Archive for October 26, 2019

Thirtieth Sunday in Ordinary Time

Posted: October 26, 2019 by CatholicJules in Sunday Reflections

No Favorites: Scott Hahn Reflects on the Thirtieth Sunday in Ordinary Time

Readings:

Sirach 35:12–14, 16–18
Psalm 34:2–3, 17–19, 23
2 Timothy 4:6–8, 16–18
Luke 18:9–14

Jesus draws a blunt picture in today’s Gospel.
The Pharisee’s prayer is almost a parody of the thanksgiving psalms (see for example Psalms 30, 118). Instead of praising God for His mighty works, the Pharisee congratulates himself for his own deeds, which he presents to God in some detail.

The tax collector stands at a distance, too ashamed even to raise his eyes to God (see Ezra 9:6). He prays with a humble and contrite heart (see Psalm 51:19). He knows that before God no one is righteous, no one has cause to boast (see Roman 3:10; 4:2).
We see in the Liturgy today one of Scripture’s abiding themes—that God “knows no favorites,” as today’s First Reading tells us (see 2 Chronicles 19:7; Acts 10:34–35; Romans 2:11).

God cannot be bribed (see Deuteronomy 10:17). We cannot curry favor with Him or impress Him—even with our good deeds or our faithful observance of religious duties such as tithing and fasting.

If we try to exalt ourselves before the Lord, as the Pharisee does, we will be brought low (see Luke 1:52).

This should be a warning to us not to take pride in our piety, not to slip into the self-righteousness of thinking that we’re better than others, that we’re “not like the rest of sinful humanity.”

If we clothe ourselves with humility (see 1 Peter 5:5–6)—recognize that all of us are sinners in need of His mercy—we will be exalted (see Proverbs 29:33).
The prayer of the lowly, the humble, pierces the clouds. Paul testifies to this in today’s Epistle, as he thanks the Lord for giving him strength during his imprisonment.

Paul tells us what the Psalmist sings today—that the Lord redeems the lives of His humble servants.
We too must serve Him willingly. And He will hear us in our distress, deliver us from evil, and bring us safely to His heavenly kingdom

On Today’s Gospel

Posted: October 26, 2019 by CatholicJules in Personal Thoughts & Reflections
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From dust we came, from dust we shall return. A stark reminder of our mortality as we call to mind our many sins that prevent us from living Christ centred lives to the full.
For not just what we did wrong, but for what we failed to do was right in the eyes of our Lord. While there is still time we should repent, turn away from sin and be faithful to the Gospels. Only then can we start bearing fruit as we are called to do.

Yes Jesus our Lord and Saviour has indeed come to set us free from all sin and to grant us eternal life with Him. We must therefore respond with a resounding yes Lord! Come into me and change me from within. I desire greatly that You dwell in me as I dwell in in You. Come Holy spirit come, come into my life. Show me the way into the heart of the Lord my God. That I may always do what is pleasing to Him. Now and forever. Amen

First reading

Romans 8:1-11 ·
The Spirit of him who raised Jesus from the dead lives in you

The reason why those who are in Christ Jesus are not condemned is that the law of the spirit of life in Christ Jesus has set you free from the law of sin and death. God has to Newquay what the Law, because of our unspiritual nature, was unable to do. God dealt with sin by sending his own Son in a body as physical as any sinful body, and in that body God condemned sin. He did this in order that the Law’s just demands might be satisfied in us, who behave not as our unspiritual nature but as the spirit dictates.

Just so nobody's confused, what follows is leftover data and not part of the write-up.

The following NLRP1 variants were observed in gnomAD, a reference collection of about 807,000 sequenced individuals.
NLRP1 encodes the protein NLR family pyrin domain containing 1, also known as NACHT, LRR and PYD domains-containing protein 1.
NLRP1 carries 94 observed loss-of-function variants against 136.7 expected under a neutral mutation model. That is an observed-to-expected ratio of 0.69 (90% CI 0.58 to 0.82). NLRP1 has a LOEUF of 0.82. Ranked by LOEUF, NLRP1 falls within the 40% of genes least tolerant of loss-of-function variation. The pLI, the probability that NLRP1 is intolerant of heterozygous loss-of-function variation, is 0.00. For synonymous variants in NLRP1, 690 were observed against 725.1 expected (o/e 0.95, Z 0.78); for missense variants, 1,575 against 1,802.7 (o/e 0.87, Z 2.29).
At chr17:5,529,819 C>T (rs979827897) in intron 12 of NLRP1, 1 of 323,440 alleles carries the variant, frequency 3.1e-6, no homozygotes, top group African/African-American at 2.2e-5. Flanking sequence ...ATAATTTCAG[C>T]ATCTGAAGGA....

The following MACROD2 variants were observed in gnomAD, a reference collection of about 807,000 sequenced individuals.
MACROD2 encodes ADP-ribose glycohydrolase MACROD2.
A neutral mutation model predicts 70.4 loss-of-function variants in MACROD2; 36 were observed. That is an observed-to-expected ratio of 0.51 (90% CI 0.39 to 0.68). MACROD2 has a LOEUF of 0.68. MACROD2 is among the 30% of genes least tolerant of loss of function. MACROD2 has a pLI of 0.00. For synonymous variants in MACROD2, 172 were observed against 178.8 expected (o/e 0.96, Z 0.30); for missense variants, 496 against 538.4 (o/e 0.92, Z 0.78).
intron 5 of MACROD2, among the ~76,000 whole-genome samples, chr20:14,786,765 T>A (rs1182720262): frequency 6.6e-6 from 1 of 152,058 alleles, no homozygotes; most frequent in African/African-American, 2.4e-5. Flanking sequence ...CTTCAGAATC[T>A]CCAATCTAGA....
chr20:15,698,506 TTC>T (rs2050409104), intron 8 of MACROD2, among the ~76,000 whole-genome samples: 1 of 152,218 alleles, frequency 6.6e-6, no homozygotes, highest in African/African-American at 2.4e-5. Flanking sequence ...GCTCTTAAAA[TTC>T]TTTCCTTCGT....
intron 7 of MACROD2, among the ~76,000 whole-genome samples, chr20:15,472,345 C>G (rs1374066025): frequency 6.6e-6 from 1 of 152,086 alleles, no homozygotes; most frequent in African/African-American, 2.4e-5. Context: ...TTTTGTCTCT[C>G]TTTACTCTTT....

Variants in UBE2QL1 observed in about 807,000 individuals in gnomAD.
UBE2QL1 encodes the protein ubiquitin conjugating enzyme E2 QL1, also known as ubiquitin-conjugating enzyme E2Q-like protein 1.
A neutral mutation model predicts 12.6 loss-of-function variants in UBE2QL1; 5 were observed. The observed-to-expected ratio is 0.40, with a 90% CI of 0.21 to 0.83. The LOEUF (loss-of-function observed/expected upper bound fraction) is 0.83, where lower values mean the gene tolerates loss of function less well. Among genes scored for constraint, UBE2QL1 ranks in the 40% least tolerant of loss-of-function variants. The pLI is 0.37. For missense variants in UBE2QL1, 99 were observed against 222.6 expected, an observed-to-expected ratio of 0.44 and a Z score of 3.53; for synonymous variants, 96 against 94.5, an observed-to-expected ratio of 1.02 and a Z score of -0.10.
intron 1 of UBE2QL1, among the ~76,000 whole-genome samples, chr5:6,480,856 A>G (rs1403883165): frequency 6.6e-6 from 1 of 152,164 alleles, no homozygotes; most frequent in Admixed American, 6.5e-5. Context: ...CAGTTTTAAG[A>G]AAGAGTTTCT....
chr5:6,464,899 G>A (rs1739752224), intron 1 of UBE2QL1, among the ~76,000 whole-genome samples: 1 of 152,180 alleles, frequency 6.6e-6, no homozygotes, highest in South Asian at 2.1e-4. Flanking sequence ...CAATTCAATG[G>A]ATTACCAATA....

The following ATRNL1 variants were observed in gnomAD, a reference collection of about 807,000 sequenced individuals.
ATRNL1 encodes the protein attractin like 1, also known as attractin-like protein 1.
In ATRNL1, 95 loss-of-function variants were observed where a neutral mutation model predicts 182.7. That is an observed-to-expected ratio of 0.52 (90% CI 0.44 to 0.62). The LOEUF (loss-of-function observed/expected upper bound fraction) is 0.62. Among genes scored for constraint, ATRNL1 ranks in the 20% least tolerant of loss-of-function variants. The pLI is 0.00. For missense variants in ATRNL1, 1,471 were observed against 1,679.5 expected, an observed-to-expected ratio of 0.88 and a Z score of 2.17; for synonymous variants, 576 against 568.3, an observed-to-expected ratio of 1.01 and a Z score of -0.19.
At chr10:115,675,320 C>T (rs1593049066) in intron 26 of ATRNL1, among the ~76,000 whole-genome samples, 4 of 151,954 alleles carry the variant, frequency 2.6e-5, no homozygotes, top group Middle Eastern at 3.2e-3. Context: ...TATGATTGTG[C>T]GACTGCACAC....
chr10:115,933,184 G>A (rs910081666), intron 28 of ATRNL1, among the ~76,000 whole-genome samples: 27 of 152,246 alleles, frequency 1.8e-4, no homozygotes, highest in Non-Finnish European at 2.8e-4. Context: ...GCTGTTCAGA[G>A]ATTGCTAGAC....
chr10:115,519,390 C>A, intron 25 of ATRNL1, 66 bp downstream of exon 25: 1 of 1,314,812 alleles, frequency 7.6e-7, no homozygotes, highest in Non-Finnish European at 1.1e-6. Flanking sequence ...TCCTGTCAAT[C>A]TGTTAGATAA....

The unspiritual are interested only in what is unspiritual, but the spiritual are interested in spiritual things. It is death to limit oneself to what is unspiritual; life and peace can only come with concern for the spiritual. That is because to limit oneself to what is unspiritual is to be at enmity with God: such a limitation never could and never does submit to God’s law. People who are interested only in unspiritual things can never be pleasing to God. Your interests, however, are not in the unspiritual, but in the spiritual, since the Spirit of God has made his home in you. In fact, unless you possessed the Spirit of Christ you would not belong to him. Though your body may be dead it is because of sin, but if Christ is in you then your spirit is life itself because you have been justified; and if the Spirit of him who raised Jesus from the dead is living in you, then he who raised Jesus from the dead will give life to your own mortal bodies through his Spirit living in you.

Gospel

Luke 13:1-9
‘Leave the fig tree one more year’

Some people arrived and told Jesus about the Galileans whose blood Pilate had mingled with that of their sacrifices. At this he said to them, ‘Do you suppose these Galileans who suffered like that were greater sinners than any other Galileans? They were not, I tell you. No; but unless you repent you will all perish as they did. Or those eighteen on whom the tower at Siloam fell and killed them? Do you suppose that they were more guilty than all the other people living in Jerusalem? They were not, I tell you. No; but unless you repent you will all perish as they did.’
He told this parable: ‘A man had a fig tree planted in his vineyard, and he came looking for fruit on it but found none. He said to the man who looked after the vineyard, “Look here, for three years now I have been coming to look for fruit on this fig tree and finding none. Cut it down: why should it be taking up the ground?” “Sir,” the man replied “leave it one more year and give me time to dig round it and manure it: it may bear fruit next year; if not, then you can cut it down.”’